One of the first things you learn in electronics is how to identify a resistor’s value. Through-hole resistors have color codes, and that’s generally where beginners begin. But why are they marked like this? Like red stop signs and yellow lines down the middle of the road, it just seems like it has always been that way when, in fact, it hasn’t.
Before the 1920s, components were marked any old way the manufacturer felt like marking them. Then in 1924, 50 radio manufacturers in Chicago formed a trade group. The idea was to share patents among the members. Almost immediately the name changed from “Associated Radio Manufacturers” to the “Radio Manufacturer’s Association” or RMA. There would be several more name changes over the years until finally, it became the EIA or the Electronic Industries Alliance. The EIA doesn’t actually exist anymore. It exploded into several specific divisions, but that’s another story.
This is the tale of how color bands made their way onto every through-hole resistor from every manufacturer in the world.
Dots Then Bands
By the late 1920s, the RMA was setting standards and one of them was the RMA standard for color-coding. The problem was that marking small components is difficult, especially back in the 1920s.
The solution was color bands, but not quite as we know them today. The standard for colors was the same, but the body of the resistor acted as the first band. Then there would be two or three other bands to show the rest of the value. In some cases, the third band was actually a dot. So the bulk of the resistor would be the first band color. The “tip” of the resistor would be the 2nd band and a dot would be the multiplier. Radios using this scheme started to appear in 1930. Here’s the color code chart from the 1941 Radio Today yearbook:
The colors are meant to follow the visible spectrum (remember ROY G BIV?). However, the RMA omitted indigo because apparently many people don’t distinguish blue, indigo, and violet as three different colors; indigo is really a tertiary color, anyway and Newton included it because of his interest in the occult, apparently. That leaves four slots, so dark colors represent the low end (black and brown) and bright colors the high end (gray and white).
Of course, none of this was funny if you were color blind. Reading a resistor with a meter or a bridge out of the circuit was certainly an answer. Reading one in a circuit, though, was another matter.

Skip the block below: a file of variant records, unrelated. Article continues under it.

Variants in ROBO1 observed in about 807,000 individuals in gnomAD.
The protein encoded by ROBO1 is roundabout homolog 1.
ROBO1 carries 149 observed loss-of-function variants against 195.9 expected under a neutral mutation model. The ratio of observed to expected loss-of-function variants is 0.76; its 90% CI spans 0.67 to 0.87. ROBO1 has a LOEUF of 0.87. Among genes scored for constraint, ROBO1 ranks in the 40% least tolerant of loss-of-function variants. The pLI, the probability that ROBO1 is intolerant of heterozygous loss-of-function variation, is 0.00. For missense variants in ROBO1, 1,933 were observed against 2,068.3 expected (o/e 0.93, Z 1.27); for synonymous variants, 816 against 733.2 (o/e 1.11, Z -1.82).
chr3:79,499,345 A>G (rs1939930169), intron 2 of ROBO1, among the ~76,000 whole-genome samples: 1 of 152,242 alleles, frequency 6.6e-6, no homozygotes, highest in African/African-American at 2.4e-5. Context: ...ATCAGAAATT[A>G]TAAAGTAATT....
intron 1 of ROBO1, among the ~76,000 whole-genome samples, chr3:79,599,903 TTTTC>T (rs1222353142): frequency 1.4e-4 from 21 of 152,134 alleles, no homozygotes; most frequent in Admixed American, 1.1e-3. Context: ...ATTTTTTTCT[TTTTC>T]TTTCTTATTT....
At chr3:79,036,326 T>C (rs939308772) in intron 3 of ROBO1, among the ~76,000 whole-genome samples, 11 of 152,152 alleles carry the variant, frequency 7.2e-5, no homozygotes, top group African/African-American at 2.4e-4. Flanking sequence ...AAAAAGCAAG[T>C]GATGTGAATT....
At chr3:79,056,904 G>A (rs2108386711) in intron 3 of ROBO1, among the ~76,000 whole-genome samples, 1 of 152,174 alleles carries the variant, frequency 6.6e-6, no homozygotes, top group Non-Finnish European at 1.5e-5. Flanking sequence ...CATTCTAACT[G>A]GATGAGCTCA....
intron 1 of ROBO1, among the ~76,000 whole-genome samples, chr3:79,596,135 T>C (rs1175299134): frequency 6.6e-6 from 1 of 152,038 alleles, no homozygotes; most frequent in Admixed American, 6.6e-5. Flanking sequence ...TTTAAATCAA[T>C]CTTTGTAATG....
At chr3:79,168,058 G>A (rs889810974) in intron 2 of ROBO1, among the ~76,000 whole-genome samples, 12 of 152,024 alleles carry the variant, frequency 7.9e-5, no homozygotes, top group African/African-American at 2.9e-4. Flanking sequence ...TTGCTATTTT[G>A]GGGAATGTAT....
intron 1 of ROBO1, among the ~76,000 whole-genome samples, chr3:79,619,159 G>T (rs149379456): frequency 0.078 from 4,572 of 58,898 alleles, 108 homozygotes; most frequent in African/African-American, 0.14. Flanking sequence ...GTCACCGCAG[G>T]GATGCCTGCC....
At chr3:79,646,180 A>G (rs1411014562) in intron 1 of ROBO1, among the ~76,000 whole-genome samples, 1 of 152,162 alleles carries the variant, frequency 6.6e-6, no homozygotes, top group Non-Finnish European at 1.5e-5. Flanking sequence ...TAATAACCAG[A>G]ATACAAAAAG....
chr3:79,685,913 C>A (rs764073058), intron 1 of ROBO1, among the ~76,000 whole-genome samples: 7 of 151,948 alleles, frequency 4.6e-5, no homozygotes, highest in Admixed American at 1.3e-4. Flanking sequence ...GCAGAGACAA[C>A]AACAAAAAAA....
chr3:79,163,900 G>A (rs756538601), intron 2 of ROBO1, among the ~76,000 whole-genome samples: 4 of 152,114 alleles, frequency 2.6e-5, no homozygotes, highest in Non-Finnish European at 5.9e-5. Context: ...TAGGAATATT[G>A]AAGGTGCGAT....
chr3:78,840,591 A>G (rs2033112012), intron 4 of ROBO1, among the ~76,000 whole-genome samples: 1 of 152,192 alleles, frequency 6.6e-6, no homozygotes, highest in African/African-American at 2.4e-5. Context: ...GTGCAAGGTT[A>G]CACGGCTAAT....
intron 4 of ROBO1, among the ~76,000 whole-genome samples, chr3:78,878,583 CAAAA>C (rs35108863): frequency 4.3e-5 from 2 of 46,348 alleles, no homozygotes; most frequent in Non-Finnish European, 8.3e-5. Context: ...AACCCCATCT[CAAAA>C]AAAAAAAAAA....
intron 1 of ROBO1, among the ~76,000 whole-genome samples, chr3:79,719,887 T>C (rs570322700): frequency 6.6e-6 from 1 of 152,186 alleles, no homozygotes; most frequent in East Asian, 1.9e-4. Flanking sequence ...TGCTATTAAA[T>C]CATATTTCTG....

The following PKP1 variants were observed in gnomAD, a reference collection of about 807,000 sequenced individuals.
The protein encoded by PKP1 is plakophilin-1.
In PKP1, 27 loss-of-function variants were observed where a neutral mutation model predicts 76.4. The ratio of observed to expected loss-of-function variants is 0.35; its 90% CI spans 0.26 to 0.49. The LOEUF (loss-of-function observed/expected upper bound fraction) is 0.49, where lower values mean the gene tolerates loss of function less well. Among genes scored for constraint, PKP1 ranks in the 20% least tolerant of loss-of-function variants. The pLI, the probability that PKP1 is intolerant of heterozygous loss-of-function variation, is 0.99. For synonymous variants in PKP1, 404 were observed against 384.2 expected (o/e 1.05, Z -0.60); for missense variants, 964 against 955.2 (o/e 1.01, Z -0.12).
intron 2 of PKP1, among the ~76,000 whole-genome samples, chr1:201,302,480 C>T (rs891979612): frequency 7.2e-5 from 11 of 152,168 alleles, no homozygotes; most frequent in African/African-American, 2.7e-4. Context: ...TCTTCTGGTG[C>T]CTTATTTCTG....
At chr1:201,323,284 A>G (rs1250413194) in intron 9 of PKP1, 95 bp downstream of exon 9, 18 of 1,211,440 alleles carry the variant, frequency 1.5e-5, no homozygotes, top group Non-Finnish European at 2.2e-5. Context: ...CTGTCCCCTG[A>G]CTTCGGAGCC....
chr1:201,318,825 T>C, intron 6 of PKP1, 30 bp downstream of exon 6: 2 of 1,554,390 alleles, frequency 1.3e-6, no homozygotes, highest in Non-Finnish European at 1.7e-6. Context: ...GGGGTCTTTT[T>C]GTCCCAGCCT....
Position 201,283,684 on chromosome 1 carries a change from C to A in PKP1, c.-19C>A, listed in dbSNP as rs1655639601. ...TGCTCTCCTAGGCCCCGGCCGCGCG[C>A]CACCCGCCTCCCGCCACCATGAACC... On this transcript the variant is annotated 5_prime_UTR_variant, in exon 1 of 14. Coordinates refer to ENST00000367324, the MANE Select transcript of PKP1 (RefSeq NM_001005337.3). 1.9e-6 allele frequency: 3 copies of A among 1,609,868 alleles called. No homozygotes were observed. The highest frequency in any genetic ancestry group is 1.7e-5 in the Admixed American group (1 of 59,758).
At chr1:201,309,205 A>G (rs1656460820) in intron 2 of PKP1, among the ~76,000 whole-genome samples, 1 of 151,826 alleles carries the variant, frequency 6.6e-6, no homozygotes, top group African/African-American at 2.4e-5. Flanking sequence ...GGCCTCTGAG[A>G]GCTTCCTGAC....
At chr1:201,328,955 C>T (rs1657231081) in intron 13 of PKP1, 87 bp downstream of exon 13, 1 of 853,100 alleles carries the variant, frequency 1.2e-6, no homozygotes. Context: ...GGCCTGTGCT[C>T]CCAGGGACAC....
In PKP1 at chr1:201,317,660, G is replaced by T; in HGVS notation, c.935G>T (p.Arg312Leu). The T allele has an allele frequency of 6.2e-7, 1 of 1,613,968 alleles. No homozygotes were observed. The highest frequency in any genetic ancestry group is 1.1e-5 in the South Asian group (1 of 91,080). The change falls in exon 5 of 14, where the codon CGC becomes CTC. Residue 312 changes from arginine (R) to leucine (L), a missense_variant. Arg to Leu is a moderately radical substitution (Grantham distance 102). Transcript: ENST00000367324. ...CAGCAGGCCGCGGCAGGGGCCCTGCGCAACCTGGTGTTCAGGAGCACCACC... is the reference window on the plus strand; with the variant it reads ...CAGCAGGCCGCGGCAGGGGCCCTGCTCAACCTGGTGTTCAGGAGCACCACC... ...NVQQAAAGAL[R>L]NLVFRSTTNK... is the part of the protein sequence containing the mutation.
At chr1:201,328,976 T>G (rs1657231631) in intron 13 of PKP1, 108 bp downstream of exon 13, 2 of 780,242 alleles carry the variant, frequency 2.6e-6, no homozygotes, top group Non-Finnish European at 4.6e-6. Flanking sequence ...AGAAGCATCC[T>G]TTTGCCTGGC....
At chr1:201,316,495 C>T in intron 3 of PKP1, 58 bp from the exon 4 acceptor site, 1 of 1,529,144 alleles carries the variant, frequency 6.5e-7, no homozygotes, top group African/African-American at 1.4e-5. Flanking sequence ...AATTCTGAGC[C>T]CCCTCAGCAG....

The Origin of E-Series Values
In 1952 the International Electrotechnical Commission (IEC, another standards group) defined the E-series which dictates what values resistors come in so that you get equal spacing on a log scale for resistors. If that sounds confusing, consider an example.
The E12 series is for 10% resistors and the values on it give you 12 values per decade. The base values are
1, 1.2, 1.5, 1.8, 2.2, 2.7, 3.3., 3.9, 4.7, 5.6, 6.8, 8.2
That’s why you can get, say a 4.7 K or 47 K resistor but not a 40K resistor.
However, consider the tolerance. A 10% 39 K resistor could be off by 3.9 K. If the error pushed the resistance up that would be 42.9K, making a 40 K resistor unnecessary. That is, a 39 K resistor might well be a 40 K resistor, anyway. A low 47K resistor, on the other hand, could be 42.3 K, which is less than a high-value 39 K unit.
As you might expect, the number of values goes up as the tolerance goes down. At 2%, for example, you’ll use E48 which has 48 values per decade (if you’d guess E96 — the standard used for 1% has 96 values, you’d be right). Using E48, the values near 40 K are 38.3 K and 40.2 K. That’s 39.06 on the high side and 39.2 on the low side.
Next time you pick up a resistor and read the code from it, you can recall the history behind it all. The legacy of color bands carries over into the surface mount realm, not as color but as three digits representing the first two numbers and multiplier for the resistor’s value. These days many electronics like wireless modules and lithium batteries include a datamatrix (something like a QR code) on them. Honestly, I’m surprised that all components — through hole and surface mount — don’t have some form of micro data matrix on it that lets you point your phone at them and see their complete datasheet. Maybe one day.